I hope that helps. It’s not easy breaking in to the working world. It takes someone taking a chance on you as well. I have nothing but high praise and immense gratitude for my former boss at the News. He took a chance on someone who had had a horrible previous work experience, and I think he would say he would do it again. And when it comes down to it, I think that’s what you want out of any work experience – that the person who hired you would do it again.

Thank you George. That’s all I have to say.

Holy crow. I really wrote a lot. Seriously, I hope there’s something in there you can use. Best of luck and let me know how it goes. If you need or want anything more, let me know. You know where to find me.

I should really contact this woman again and see what’s up since we last corresponded.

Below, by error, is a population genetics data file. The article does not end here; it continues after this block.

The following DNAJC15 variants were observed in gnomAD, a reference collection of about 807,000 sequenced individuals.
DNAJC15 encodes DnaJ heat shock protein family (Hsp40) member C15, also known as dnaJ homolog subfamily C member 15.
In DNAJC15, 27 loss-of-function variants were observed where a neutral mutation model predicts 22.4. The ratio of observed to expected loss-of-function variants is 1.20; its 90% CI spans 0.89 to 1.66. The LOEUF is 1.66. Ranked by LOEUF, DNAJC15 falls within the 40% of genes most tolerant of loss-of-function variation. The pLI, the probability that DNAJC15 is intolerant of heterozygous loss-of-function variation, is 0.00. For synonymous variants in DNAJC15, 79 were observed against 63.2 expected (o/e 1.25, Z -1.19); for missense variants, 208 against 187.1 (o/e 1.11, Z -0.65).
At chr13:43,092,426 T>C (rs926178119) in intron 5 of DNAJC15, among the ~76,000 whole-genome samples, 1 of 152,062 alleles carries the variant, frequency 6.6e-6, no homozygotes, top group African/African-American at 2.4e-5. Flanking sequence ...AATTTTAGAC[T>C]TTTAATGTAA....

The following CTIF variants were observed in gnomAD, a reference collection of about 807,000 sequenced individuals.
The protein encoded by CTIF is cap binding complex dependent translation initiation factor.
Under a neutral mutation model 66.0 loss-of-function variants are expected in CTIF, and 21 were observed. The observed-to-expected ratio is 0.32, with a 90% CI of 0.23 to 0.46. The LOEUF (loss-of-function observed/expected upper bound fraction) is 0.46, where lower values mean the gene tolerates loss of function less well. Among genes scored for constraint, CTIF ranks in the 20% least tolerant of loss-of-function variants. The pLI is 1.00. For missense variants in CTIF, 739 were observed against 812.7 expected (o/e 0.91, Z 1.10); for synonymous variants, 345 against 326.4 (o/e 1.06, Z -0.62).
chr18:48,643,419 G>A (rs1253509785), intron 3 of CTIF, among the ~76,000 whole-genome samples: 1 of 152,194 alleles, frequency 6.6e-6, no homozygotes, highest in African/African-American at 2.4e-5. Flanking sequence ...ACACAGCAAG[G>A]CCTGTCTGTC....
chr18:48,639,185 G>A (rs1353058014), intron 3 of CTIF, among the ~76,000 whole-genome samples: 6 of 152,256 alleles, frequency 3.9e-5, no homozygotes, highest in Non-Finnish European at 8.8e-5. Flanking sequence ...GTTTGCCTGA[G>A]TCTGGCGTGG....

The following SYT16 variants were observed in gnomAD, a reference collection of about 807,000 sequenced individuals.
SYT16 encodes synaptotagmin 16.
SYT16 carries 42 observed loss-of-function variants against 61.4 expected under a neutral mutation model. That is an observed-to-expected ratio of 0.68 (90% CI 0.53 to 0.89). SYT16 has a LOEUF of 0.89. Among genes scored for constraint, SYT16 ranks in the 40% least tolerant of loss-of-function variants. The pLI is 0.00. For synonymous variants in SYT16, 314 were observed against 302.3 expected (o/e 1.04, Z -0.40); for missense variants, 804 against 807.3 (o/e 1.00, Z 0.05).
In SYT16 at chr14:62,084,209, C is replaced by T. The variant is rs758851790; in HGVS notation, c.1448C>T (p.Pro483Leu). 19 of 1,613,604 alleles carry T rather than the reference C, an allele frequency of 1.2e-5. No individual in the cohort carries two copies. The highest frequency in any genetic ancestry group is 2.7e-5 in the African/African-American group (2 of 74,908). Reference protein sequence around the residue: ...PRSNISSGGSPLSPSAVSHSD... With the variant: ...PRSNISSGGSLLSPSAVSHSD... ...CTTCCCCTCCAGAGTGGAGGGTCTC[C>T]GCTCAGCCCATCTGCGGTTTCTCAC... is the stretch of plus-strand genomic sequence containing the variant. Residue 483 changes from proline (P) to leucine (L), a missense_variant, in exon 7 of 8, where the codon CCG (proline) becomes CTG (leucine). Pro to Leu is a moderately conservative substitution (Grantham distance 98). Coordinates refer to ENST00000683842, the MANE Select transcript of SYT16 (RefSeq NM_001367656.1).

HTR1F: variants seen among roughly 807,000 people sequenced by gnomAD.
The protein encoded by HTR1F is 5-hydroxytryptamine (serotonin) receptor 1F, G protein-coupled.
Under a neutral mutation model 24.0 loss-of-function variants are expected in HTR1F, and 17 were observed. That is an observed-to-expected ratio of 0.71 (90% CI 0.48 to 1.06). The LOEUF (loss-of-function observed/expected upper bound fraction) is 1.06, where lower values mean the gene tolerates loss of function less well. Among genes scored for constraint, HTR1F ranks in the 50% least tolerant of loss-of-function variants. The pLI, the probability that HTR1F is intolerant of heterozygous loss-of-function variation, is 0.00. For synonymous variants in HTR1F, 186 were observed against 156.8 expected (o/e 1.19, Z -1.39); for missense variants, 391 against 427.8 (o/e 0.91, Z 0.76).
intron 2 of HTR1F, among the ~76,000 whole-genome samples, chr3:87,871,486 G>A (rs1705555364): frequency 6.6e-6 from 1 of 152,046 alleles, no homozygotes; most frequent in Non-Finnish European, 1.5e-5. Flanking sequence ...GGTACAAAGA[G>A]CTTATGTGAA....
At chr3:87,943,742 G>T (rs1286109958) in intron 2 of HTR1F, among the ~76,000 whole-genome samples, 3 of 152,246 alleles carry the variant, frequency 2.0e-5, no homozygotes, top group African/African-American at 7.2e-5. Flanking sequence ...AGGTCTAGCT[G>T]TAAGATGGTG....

Deaths on the job

Seeing as I’m a reporter, I am often privy to some of the world’s more unseemly happenings.

I have recently had the chance to take a look at a huge bust of guns and ammunition. That was pretty neat. I wish they could have let me touch them, but I understand why I couldn’t. Cross contamination of evidence and all that.

Then there was my RCMP ridealong, where we apprehended a driver who had had too much to drink. And also had an unloaded gun in his trunk. That was an interesting night.

But the last three weeks have certainly blown those two incidents out of the water.

Why? You ask.

I have had to report on a double homicide and two fatal traffic collisions.